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Protecting The Artists? Disney's Marvel Uses Copyright To Crush Already Broke Ghost Rider Creator

from the how-nice dept

Five years ago, we wrote about Gary Friedrich, the creator of the comic book character Ghost Rider, and how he was suing tons of companies, claiming that the copyrights associated with Ghost Rider had reverted back to him in 2001. As we noted at the time, there were some questionable things about his lawsuit -- including the fact that he waited years until after a movie and video game had been created and released before suddenly going legal about it. However, apparently Marvel (owned by Disney), in its ultimate vindictiveness, turned around and countersued Friedrich and won, leading to a ridiculous situation: Friedrich, who is broke, is now supposed to pay Marvel $17,000 for Ghost Rider merchandise he had sold in the past. He also isn't supposed to say that he's the co-creator of Ghost Rider any more if saying so involves him getting any kind of commercial advantage.

The full ruling in the case makes it clear that Friedrich's copyright claims were suspect in the first place, as it appears he clearly handed over the copyrights on the character to Marvel. The legal stipulation covers the specific terms, including the $17k payment, and the injunction against using the words "Ghost Rider" in connection with the sale of any goods, merchandise or services (i.e., "pay to get the signature of the creator of Ghost Rider!").

While Friedrich appears to have clearly overreached in his initial claim, the vindictiveness of Marvel/Disney is pretty ridiculous here. There's simply no reason for the company to demand $17k from a broke Friedrich, and (on top of that) make it that much harder for him to actually earn the money to pay them. As some are pointing out, you should remember this story the next time big companies claim they want to strengthen copyright law to "protect the content creators."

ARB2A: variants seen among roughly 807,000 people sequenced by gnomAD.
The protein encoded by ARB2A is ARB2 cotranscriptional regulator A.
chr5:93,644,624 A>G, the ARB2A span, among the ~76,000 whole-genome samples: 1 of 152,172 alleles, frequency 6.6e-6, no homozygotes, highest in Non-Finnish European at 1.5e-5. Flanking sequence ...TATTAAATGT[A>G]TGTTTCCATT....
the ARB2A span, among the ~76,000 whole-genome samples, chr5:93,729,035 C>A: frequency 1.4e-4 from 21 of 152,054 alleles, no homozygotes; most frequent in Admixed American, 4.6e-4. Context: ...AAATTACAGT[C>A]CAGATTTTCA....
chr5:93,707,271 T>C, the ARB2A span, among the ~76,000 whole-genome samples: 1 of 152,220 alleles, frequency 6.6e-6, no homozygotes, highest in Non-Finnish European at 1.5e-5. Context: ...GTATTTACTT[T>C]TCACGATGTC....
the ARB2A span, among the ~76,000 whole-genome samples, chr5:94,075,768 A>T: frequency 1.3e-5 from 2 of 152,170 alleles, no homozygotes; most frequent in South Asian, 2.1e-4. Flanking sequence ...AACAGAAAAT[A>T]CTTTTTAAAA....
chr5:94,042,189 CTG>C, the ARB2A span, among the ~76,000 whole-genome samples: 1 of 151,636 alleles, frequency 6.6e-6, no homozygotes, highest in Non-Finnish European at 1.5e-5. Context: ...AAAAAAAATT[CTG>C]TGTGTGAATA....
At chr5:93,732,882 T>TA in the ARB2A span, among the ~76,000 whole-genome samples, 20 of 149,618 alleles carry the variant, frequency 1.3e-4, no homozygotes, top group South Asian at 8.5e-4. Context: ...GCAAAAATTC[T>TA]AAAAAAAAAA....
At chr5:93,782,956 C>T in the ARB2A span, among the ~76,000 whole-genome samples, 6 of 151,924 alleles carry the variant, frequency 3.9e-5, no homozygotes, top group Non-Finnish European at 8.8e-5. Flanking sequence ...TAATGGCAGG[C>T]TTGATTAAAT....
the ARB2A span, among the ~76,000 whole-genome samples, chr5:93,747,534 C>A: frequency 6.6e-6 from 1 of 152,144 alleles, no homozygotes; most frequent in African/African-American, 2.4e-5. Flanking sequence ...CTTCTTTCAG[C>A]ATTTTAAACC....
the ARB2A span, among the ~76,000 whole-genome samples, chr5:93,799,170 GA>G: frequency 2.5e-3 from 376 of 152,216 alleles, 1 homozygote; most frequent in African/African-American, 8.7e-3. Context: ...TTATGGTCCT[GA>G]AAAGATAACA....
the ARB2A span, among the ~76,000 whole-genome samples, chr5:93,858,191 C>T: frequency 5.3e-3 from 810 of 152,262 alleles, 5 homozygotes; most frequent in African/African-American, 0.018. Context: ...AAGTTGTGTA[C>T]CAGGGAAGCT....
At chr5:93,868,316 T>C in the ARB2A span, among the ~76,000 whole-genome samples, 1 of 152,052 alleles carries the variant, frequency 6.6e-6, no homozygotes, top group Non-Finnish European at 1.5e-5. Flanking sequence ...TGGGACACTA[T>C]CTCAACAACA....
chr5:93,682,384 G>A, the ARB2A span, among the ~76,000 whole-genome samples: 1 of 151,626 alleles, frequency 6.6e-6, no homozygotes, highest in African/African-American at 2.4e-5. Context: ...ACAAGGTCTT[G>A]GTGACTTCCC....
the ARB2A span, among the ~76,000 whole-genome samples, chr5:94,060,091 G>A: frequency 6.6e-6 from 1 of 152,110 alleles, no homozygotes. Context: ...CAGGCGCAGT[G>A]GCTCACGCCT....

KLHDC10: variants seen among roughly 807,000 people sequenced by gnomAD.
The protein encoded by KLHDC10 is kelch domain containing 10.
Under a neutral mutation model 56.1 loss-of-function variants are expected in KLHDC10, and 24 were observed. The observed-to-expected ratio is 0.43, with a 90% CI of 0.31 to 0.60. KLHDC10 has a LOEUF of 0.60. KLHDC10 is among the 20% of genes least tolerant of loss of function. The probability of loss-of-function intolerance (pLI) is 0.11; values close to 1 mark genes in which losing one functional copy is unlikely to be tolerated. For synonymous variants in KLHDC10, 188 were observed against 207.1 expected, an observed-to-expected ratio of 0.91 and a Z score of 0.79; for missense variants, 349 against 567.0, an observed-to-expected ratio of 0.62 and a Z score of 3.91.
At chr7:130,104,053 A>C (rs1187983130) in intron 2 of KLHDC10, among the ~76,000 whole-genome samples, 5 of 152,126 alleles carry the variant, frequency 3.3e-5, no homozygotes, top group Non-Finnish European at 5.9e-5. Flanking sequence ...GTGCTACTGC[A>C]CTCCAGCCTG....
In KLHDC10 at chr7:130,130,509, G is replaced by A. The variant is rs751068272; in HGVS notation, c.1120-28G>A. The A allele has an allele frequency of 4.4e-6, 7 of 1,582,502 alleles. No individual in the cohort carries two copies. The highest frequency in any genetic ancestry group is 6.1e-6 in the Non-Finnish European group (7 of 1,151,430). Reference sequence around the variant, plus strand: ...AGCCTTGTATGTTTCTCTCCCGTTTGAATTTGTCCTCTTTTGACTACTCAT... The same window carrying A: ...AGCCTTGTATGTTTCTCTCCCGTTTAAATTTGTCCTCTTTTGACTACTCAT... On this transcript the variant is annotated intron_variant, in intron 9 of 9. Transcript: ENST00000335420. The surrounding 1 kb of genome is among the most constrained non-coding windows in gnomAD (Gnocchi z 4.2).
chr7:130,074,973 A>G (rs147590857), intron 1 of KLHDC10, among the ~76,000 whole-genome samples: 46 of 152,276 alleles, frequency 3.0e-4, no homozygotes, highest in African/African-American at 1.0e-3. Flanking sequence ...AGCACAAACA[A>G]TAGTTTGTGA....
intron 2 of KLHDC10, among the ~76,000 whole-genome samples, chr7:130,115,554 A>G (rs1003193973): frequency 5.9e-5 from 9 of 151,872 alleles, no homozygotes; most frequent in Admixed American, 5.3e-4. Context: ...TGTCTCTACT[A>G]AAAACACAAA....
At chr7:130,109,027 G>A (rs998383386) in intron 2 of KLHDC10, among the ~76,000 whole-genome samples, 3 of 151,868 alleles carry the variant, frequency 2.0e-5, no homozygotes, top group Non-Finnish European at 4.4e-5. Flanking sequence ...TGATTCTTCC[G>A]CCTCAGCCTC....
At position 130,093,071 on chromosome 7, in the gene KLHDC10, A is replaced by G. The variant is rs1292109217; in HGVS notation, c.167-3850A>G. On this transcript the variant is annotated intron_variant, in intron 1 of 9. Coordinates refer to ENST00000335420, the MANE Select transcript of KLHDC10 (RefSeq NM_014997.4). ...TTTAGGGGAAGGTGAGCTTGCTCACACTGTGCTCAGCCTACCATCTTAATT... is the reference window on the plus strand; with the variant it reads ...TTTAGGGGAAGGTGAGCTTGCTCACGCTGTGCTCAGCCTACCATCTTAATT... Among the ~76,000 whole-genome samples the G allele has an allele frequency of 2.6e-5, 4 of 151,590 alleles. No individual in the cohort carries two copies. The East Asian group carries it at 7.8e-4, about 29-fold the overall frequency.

Filed Under: artists, comics, copyright, gary friedrich, ghost rider
Companies: disney, marvel


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  1. identicon
    Anonymous Coward, 13 Feb 2012 @ 6:29pm

    Re:

    No, you're off base on this one. It may seem harsh, but all the guy was doing was fishing for money with lawyers. Sounds like they're recovering just a portion of their legal costs, so totally fair game.


    Maybe he was, maybe he wasn't, this isn't the point of the article. As many commenters have said above, copyright law is usually justified by its lobbyists as necessary for artists to get paid for their creations, especially so if they're very successful. We invoke the image of an artist who doesn't see a penny while millions of people enjoy his work to promote copyright/fight piracy, and yet this is exactly what happens once we have copyright laws installed. While it is true that the artist in question might have acted greedy under the current copyright law, it makes you wonder whether it should be there in the first place.

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